Taxpayers with traditional individual retirement accounts (IRAs) will be pleased to know that the IRA charitable rollover has finally been made permanent, allowing philanthropic individuals greater flexibility in their charitable giving and estate planning.
In many cases, taking a distribution from an IRA and then contributing it to charity generates a tax liability for the IRA owner. Even if the amount of the donation is the same as the amount of the IRA withdrawal, the charitable deduction might not fully offset the income generated by the withdrawal. For example, taxpayers who claim the standard deduction instead of itemizing their deductions would not get the tax benefit of their gift because the additional income resulting from the IRA withdrawal would not have a corresponding deduction. Higher-income taxpayers may also be subject to the Pease limitation on itemized deductions, which would reduce the value of the charitable deduction such that it would fail to completely offset the IRA distribution. In addition, if a taxpayer makes a cash donation to a public charity, he or she can only claim a deduction of up to 50% of his or her adjusted gross income (AGI). If the gift consists of appreciated marketable securities, the deduction is even more limited – to 30% of AGI. Any unused deduction can be carried forward for up to five years, at which point it would expire. In such cases, the taxpayer’s generosity would wind up generating a net tax liability.
To address these problems and encourage charitable giving more broadly, Congress enacted the IRA charitable rollover in 2006 as part of the Pension Protection Act. Consequently, an individual age 70.5 or older could donate up to $100,000 from his or her IRA directly to a public charity without having to treat the distribution as taxable income. Moreover, the donation to charity would count toward the taxpayer’s required minimum distribution (RMD) for the year.
Unfortunately, Congress got into the habit of only authorizing the IRA charitable rollover for one year at a time. Taxpayers often had to wait until December – or even later – to receive confirmation that the technique had been reauthorized for that year. By that point, however, most taxpayers would have already taken the RMD from their IRA for that year, making it impossible to use the IRA charitable rollover for those funds.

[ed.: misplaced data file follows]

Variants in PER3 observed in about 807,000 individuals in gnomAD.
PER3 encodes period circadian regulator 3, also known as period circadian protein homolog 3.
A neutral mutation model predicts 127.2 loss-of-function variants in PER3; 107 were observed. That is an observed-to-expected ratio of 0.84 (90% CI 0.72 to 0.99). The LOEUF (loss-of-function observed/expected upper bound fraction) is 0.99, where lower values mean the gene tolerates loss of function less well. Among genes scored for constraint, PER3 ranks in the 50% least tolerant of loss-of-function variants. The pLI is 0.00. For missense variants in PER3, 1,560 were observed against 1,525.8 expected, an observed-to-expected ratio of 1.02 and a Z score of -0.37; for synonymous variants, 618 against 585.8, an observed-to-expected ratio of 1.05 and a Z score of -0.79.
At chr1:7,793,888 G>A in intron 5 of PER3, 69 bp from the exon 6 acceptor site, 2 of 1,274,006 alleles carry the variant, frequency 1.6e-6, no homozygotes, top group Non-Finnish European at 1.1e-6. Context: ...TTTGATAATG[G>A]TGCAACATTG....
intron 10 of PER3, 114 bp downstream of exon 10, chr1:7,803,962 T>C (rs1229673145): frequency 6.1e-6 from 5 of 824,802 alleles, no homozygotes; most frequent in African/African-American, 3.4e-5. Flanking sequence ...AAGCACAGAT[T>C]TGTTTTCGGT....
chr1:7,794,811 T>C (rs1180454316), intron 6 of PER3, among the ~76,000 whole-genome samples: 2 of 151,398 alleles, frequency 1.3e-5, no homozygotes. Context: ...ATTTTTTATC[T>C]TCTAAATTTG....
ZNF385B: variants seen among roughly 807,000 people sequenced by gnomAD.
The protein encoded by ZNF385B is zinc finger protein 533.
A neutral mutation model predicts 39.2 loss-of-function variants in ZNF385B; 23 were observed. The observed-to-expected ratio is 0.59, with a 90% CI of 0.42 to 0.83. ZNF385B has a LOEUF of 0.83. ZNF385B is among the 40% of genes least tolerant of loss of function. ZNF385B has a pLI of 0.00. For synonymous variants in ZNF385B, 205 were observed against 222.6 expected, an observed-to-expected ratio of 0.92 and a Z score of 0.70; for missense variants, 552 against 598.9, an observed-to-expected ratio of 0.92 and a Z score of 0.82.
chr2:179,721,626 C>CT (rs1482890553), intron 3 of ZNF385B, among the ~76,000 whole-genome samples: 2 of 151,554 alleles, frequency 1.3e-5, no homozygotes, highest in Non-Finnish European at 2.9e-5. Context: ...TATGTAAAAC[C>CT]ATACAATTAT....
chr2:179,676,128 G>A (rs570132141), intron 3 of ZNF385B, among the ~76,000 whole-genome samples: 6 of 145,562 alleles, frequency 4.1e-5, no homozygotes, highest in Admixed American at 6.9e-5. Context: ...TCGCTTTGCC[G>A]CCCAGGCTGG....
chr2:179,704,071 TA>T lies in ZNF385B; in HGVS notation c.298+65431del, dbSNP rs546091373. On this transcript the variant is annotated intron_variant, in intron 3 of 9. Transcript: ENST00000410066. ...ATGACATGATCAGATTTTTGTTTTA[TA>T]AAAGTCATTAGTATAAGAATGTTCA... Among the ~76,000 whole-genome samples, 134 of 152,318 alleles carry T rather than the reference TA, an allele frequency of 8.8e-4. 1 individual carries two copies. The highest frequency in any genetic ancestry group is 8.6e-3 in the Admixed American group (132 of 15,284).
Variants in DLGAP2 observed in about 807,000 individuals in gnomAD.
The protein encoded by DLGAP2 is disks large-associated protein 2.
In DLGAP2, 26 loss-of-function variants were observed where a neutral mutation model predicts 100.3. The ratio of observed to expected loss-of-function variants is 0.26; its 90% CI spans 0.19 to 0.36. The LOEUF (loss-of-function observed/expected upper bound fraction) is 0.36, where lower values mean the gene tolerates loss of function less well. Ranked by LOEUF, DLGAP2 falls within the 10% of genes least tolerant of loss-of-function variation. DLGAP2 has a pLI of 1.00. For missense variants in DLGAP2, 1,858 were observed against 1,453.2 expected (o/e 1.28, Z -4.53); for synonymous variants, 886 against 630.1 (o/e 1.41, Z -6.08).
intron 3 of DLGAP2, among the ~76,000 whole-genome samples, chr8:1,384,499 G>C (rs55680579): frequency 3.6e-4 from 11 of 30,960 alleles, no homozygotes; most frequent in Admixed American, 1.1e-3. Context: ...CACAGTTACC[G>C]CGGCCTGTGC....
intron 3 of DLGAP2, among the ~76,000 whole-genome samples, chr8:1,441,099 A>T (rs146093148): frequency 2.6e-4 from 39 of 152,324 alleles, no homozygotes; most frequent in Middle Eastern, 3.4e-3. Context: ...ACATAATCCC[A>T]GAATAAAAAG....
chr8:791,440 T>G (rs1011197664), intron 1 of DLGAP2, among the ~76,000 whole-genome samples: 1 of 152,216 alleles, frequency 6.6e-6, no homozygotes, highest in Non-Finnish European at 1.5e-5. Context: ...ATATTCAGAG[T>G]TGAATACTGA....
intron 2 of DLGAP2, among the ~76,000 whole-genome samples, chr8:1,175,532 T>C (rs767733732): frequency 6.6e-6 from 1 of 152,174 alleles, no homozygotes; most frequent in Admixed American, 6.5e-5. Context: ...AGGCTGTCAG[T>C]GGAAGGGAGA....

At year-end 2015, Congress finally enacted a law to make this technique permanent. As a result, taxpayers are now able to plan their charitable giving in a more reliable way. If a taxpayer is required to take a minimum distribution from an IRA that he or she does not otherwise need, that distribution can instead be directed to a public charity.
It is important to note that the IRA charitable rollover is not available to taxpayers who are younger than 70.5 years old, for amounts greater than $100,000 or for distributions to a private foundation, donor-advised fund or split-interest trust, such as a charitable remainder trust. Legislative attempts have been made over the years to broaden the technique to cover these additional situations, but most commentators believe that these efforts are unlikely to succeed, at least under the current administration.
To illustrate the benefits of the IRA charitable rollover, consider a 70-year-old taxpayer named Thomas, who has an investment portfolio that generates enough income for him to live comfortably, as well as a traditional IRA worth $1 million. Thomas is scheduled to begin taking annual RMDs from his IRA later this year, but he does not anticipate needing the extra income, which will be around $36,500 for the first year. He knows that leaving the IRA to his children will subject the IRA assets to both estate and income tax, resulting in well over half of the IRA being lost to taxes. Thus, Thomas is considering leaving his IRA to his alma mater to help satisfy a $2.4 million pledge that he made in honor of his late wife. The balance of his estate would then pass to his children.